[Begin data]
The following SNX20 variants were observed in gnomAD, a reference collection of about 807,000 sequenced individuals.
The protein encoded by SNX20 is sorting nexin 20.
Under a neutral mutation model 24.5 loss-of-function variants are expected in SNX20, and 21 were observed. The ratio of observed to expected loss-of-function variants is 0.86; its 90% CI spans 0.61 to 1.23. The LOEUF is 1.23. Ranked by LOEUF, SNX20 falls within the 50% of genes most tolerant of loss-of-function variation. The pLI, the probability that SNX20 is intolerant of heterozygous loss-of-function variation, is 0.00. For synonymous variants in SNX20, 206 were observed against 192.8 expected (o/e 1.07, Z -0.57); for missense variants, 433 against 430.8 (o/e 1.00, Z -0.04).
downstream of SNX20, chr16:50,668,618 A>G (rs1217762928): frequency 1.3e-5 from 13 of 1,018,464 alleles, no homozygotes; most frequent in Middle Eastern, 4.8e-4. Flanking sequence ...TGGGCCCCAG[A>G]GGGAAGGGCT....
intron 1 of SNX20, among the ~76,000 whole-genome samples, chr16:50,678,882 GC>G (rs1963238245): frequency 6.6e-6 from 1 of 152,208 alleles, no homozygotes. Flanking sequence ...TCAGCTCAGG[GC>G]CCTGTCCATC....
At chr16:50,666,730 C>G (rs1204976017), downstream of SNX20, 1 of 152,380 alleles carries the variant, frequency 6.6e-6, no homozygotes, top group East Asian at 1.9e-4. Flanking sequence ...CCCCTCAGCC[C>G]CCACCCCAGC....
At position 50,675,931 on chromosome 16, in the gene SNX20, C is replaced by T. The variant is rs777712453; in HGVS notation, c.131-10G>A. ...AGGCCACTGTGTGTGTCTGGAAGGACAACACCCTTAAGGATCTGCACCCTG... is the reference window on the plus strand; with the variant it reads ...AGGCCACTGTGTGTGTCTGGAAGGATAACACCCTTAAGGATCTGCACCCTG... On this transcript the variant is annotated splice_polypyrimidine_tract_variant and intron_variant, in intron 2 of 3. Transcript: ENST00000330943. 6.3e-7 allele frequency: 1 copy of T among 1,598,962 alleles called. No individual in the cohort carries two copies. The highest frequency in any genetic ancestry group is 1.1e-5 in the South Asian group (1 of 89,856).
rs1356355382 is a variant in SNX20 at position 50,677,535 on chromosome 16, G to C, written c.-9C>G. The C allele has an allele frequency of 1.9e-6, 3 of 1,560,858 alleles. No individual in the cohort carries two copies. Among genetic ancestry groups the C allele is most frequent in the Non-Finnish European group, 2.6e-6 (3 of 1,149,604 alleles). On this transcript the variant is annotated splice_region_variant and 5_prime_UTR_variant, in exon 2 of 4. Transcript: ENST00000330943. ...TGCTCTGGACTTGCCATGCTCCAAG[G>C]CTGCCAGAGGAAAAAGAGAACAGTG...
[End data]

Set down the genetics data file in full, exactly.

The following SNX20 variants were observed in gnomAD, a reference collection of about 807,000 sequenced individuals.
The protein encoded by SNX20 is sorting nexin 20.
Under a neutral mutation model 24.5 loss-of-function variants are expected in SNX20, and 21 were observed. The ratio of observed to expected loss-of-function variants is 0.86; its 90% CI spans 0.61 to 1.23. The LOEUF is 1.23. Ranked by LOEUF, SNX20 falls within the 50% of genes most tolerant of loss-of-function variation. The pLI, the probability that SNX20 is intolerant of heterozygous loss-of-function variation, is 0.00. For synonymous variants in SNX20, 206 were observed against 192.8 expected (o/e 1.07, Z -0.57); for missense variants, 433 against 430.8 (o/e 1.00, Z -0.04).
downstream of SNX20, chr16:50,668,618 A>G (rs1217762928): frequency 1.3e-5 from 13 of 1,018,464 alleles, no homozygotes; most frequent in Middle Eastern, 4.8e-4. Flanking sequence ...TGGGCCCCAG[A>G]GGGAAGGGCT....
intron 1 of SNX20, among the ~76,000 whole-genome samples, chr16:50,678,882 GC>G (rs1963238245): frequency 6.6e-6 from 1 of 152,208 alleles, no homozygotes. Flanking sequence ...TCAGCTCAGG[GC>G]CCTGTCCATC....
At chr16:50,666,730 C>G (rs1204976017), downstream of SNX20, 1 of 152,380 alleles carries the variant, frequency 6.6e-6, no homozygotes, top group East Asian at 1.9e-4. Flanking sequence ...CCCCTCAGCC[C>G]CCACCCCAGC....
At position 50,675,931 on chromosome 16, in the gene SNX20, C is replaced by T. The variant is rs777712453; in HGVS notation, c.131-10G>A. ...AGGCCACTGTGTGTGTCTGGAAGGACAACACCCTTAAGGATCTGCACCCTG... is the reference window on the plus strand; with the variant it reads ...AGGCCACTGTGTGTGTCTGGAAGGATAACACCCTTAAGGATCTGCACCCTG... On this transcript the variant is annotated splice_polypyrimidine_tract_variant and intron_variant, in intron 2 of 3. Transcript: ENST00000330943. 6.3e-7 allele frequency: 1 copy of T among 1,598,962 alleles called. No individual in the cohort carries two copies. The highest frequency in any genetic ancestry group is 1.1e-5 in the South Asian group (1 of 89,856).
rs1356355382 is a variant in SNX20 at position 50,677,535 on chromosome 16, G to C, written c.-9C>G. The C allele has an allele frequency of 1.9e-6, 3 of 1,560,858 alleles. No individual in the cohort carries two copies. Among genetic ancestry groups the C allele is most frequent in the Non-Finnish European group, 2.6e-6 (3 of 1,149,604 alleles). On this transcript the variant is annotated splice_region_variant and 5_prime_UTR_variant, in exon 2 of 4. Transcript: ENST00000330943. ...TGCTCTGGACTTGCCATGCTCCAAG[G>C]CTGCCAGAGGAAAAAGAGAACAGTG...